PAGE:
The impact of the web on the world of the novel remains clouded in uncertainty, industry players at the Frankfurt book fair said Wednesday as they began discussing ways to weather the change.
Where the novel's heading in the digital age is still a big question
"Readers have taken to the Internet far quicker than the people who publish books," said Marco Olavarria from the German management consultants Kirchner and Robrecht as the world's biggest book fair opened here.
"There is huge demand, but everybody seems to have left Internet book sales to Amazon and the rest. There is no creative strategy because they have not realised the new demand of the new market," he added.
The slowest to catch up with the future have been the publishing houses that deal in literature, Olavarria said at a panel discussion.
"The people who deal in high art have remained focused on the book because that is what they know. But why not publish an audio file instead of an audiobook? The fact is that it will not win you any prizes but it will make you a lot of money."
By audio file, he was referring to a book that could be downloaded off the Internet in audio form, as music is now.
Small houses hurting
Although new technology has reduced the costs of publishing books, this has not led to a surge in success for smaller publishing houses, Olavarria said.
"Bookshops are full of books. If you take up a small space on the shelf, or only registered on page three of Amazon, the reality is that you will sell fewer books. That makes it very tough for small publishing houses."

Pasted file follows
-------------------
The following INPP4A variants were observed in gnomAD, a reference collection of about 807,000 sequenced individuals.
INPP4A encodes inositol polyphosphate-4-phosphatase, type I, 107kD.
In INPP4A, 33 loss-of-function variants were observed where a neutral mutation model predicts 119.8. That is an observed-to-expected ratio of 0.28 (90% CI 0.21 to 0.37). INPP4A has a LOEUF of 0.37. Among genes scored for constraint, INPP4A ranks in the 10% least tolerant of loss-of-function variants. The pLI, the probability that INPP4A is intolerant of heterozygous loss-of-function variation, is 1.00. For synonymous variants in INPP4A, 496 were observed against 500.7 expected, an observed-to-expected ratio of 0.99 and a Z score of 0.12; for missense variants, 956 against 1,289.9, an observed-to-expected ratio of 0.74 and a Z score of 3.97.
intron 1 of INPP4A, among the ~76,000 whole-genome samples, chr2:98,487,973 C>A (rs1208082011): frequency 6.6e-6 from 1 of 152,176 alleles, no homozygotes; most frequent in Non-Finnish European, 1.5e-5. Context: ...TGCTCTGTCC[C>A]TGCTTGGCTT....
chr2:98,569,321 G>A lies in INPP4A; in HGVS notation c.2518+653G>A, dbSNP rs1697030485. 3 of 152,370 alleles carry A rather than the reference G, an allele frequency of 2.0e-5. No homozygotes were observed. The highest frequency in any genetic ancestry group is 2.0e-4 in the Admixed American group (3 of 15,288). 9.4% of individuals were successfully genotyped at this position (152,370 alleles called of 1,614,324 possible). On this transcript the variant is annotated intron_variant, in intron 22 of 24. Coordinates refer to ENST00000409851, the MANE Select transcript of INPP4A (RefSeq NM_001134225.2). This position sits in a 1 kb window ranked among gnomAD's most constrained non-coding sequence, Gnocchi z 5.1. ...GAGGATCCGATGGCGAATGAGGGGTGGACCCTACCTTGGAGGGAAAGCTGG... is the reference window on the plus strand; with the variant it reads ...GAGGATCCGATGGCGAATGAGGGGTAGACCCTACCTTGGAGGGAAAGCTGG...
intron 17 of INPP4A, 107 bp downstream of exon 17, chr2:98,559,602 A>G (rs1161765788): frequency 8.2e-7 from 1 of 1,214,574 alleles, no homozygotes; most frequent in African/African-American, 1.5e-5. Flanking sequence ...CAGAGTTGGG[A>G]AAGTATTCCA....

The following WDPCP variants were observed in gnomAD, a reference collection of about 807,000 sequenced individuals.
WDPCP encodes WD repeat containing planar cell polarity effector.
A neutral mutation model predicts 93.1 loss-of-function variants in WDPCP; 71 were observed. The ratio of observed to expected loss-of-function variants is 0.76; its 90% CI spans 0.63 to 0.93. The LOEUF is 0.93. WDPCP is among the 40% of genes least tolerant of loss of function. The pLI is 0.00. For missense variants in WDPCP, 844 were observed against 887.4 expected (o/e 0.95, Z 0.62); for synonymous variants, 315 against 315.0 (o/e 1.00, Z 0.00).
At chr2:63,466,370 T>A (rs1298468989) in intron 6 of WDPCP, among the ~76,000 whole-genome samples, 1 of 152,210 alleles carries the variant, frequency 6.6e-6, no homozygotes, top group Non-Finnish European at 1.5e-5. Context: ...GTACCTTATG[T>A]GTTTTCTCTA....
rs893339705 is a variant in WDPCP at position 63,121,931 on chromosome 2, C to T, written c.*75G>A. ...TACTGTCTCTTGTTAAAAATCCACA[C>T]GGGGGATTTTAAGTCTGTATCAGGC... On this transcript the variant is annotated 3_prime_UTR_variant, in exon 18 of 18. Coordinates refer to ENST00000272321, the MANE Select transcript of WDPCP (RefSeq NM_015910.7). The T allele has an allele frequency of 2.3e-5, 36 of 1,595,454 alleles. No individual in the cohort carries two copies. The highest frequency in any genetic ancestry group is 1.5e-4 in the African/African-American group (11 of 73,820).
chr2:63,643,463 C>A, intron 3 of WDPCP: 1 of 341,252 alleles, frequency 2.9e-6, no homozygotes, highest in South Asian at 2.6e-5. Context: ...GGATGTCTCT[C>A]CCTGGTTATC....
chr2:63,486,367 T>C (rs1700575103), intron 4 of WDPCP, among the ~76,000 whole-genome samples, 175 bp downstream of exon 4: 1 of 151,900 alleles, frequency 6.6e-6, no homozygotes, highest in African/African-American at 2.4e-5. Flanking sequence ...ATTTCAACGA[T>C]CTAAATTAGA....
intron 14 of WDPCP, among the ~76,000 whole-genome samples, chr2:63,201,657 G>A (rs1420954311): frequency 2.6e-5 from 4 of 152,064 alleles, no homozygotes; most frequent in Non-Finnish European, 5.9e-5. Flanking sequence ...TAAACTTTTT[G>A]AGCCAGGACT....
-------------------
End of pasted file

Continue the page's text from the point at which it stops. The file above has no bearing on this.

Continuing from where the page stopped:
This 57th edition of the annual fair has heard considerable talk about the possibility of a solidarity pact among smaller houses to enable them to survive in a global market that churns out 1.2 million new books every year.
Rowohlt publishing house logo
But the German market remains dominated by big houses such as Rowohlt and Suhrkamp, and smaller houses do not thrive or cooperate, Olavarria said.
Baumhaus is the only recent bright spot among smaller publisher, with a successful series of children's books.
Actes Sud, the small maverick French publishing house that has become a huge success, was a pioneer in the sense that its founder realized 25 years ago that a Paris address was not essential, and he set up shop in Arles in the south of France.
"It was a very good forecast of the future, to see that this will become possible in the field of publishing," Actes Sud editor Marie-Catherine Vacher told AFP.
In the beginning Actes Sud made its name with French translations of foreign authors, notably Scandinavians and later the likes of American novelist Paul Auster, Vacher said.
Today some 80 percent of its titles are still translations, but the company has also built up a stable of French writers, even if they are mostly younger authors and the big names tend to stay with the big houses.
French star writer Michel Houellebecq
"We can afford them now. If you look at the price of buying the rights for a translation, and then the cost of translating and publishing a book, we can pay a French writer, though I don't think we could afford (Michel) Houellebecq," she said of the new bad boy of French letters, who made his name with the novel "Atomized."
Smaller houses however still suffer from "snobbery" in the world of literature, she said.
"We have difficulty getting our titles reviewed -- the critics are wary of us because we made our name in translation, and with big-name authors we still have to prove to them that we are the place to be."
New publishing houses setting out are struggling to compete with established ones, and this has led smaller houses to consider banding together, she said.
"We want to create a federation where we can share production and distribution. The south of France is good for this in a way because you have the space to set up big printing plants."